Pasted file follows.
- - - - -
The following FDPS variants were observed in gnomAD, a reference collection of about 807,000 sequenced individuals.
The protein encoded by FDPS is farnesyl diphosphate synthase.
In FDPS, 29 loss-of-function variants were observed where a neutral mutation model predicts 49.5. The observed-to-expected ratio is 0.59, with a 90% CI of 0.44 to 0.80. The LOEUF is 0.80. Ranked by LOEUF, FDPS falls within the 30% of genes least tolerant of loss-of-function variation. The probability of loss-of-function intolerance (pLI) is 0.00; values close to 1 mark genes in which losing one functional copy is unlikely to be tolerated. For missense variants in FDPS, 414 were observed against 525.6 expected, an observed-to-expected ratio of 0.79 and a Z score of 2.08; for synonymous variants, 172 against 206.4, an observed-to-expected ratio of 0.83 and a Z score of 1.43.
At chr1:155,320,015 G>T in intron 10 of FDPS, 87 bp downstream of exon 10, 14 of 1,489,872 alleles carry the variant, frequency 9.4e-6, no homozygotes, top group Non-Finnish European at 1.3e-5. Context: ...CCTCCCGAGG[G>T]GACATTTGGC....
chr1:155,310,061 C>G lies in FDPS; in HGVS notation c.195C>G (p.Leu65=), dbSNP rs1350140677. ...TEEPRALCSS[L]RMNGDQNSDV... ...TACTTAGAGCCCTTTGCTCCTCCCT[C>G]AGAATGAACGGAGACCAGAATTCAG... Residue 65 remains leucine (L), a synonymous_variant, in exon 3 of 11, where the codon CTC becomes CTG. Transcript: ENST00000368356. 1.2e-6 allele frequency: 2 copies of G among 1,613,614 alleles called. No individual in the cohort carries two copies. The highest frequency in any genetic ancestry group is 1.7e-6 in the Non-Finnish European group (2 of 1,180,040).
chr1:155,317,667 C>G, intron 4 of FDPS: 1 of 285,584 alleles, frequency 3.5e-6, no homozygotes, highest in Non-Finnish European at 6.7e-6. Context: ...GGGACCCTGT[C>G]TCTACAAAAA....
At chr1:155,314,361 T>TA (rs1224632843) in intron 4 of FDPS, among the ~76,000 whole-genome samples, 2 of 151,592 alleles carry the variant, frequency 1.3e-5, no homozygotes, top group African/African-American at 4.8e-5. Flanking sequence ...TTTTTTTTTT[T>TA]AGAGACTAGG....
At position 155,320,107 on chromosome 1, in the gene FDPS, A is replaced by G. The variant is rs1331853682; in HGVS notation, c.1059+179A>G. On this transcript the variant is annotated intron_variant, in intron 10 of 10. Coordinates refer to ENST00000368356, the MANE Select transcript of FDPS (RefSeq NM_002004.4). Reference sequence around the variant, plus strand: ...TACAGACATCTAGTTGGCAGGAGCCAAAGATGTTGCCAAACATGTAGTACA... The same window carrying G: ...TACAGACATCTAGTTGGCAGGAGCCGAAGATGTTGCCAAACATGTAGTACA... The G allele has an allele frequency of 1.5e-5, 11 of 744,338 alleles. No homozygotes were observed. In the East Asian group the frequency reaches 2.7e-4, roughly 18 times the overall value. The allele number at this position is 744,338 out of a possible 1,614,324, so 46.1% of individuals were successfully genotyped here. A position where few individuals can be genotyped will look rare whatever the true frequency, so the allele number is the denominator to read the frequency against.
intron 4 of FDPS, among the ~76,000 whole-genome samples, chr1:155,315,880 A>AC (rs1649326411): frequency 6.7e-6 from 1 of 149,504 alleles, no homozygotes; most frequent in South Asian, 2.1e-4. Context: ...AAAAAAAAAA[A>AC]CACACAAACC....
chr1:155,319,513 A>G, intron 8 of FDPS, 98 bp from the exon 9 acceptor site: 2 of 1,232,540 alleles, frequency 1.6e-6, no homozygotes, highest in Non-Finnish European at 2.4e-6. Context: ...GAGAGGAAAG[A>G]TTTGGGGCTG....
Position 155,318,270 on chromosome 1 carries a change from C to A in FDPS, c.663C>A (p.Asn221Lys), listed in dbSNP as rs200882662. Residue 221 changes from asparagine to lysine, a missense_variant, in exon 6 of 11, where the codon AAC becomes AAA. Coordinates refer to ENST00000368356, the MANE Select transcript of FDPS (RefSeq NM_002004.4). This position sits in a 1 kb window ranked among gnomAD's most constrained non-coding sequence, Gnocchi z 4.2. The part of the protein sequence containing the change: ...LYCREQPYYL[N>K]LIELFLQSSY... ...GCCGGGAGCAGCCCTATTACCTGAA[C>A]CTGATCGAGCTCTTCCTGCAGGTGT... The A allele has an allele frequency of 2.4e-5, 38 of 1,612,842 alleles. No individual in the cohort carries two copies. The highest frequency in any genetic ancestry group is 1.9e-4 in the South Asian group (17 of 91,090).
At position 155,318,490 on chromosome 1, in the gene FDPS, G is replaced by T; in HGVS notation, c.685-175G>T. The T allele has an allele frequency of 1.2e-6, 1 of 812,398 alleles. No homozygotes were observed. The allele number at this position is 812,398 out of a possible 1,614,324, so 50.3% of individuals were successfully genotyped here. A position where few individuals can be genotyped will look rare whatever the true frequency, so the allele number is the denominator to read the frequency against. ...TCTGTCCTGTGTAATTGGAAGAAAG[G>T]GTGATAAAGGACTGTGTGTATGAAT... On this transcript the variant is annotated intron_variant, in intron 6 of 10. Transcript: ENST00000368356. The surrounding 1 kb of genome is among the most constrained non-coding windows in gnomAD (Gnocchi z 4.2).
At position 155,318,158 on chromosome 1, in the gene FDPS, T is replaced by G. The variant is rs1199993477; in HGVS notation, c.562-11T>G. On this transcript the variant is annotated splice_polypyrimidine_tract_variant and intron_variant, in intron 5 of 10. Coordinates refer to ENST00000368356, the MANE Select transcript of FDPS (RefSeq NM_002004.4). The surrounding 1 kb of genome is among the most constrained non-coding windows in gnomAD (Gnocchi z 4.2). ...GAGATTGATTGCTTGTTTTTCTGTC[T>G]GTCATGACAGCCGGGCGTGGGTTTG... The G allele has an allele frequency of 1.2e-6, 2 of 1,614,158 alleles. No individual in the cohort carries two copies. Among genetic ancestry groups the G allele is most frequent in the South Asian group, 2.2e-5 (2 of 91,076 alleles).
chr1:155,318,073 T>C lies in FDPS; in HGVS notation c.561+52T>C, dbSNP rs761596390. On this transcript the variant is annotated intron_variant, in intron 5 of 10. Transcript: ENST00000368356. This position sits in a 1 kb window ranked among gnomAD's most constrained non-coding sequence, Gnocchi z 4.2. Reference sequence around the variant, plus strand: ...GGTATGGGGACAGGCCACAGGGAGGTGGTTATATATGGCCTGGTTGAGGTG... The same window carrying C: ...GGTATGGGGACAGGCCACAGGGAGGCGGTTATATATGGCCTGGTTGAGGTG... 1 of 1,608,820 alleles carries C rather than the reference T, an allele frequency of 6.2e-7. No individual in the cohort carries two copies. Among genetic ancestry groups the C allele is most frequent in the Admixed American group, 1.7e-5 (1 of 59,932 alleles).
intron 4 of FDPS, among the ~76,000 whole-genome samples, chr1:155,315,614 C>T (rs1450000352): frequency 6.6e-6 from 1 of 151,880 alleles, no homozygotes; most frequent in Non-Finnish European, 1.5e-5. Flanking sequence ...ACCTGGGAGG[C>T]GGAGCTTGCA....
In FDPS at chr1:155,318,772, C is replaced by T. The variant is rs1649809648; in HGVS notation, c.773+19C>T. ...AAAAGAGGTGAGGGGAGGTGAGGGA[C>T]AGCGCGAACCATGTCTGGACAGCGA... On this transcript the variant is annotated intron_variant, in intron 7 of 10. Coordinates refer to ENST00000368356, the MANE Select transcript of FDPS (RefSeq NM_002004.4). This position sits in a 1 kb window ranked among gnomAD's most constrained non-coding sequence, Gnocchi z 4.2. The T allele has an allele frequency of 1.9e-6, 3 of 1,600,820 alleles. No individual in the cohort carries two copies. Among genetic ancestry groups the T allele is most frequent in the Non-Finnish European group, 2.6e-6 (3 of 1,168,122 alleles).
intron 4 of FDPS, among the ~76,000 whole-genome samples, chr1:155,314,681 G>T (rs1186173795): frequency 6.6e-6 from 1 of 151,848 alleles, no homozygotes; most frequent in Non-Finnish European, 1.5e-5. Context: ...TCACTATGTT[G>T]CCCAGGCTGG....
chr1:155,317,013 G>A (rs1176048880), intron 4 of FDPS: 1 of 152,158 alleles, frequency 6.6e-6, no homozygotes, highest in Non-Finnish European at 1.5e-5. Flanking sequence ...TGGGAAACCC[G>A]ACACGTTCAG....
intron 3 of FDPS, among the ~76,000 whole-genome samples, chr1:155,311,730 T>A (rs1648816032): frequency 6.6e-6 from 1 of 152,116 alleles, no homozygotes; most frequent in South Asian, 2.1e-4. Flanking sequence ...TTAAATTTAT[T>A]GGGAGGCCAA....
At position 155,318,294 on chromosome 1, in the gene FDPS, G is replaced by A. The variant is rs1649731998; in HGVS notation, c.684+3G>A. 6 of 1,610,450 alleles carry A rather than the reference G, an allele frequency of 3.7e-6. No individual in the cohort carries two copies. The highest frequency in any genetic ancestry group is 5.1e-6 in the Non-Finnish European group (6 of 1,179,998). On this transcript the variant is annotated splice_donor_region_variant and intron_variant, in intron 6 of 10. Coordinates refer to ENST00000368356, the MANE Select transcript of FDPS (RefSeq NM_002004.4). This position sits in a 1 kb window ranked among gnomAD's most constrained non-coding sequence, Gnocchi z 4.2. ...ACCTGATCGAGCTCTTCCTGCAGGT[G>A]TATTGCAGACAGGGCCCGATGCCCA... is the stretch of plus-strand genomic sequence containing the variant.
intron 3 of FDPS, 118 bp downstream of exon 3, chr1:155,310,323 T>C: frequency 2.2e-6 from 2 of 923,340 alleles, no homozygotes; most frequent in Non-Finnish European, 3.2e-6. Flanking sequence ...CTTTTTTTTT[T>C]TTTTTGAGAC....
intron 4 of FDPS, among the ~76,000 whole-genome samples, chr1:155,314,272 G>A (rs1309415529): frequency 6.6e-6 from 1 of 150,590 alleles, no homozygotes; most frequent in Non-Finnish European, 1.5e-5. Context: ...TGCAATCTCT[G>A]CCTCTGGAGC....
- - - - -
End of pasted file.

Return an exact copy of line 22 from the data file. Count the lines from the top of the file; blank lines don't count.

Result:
intron 4 of FDPS, among the ~76,000 whole-genome samples, chr1:155,314,272 G>A (rs1309415529): frequency 6.6e-6 from 1 of 150,590 alleles, no homozygotes; most frequent in Non-Finnish European, 1.5e-5. Context: ...TGCAATCTCT[G>A]CCTCTGGAGC....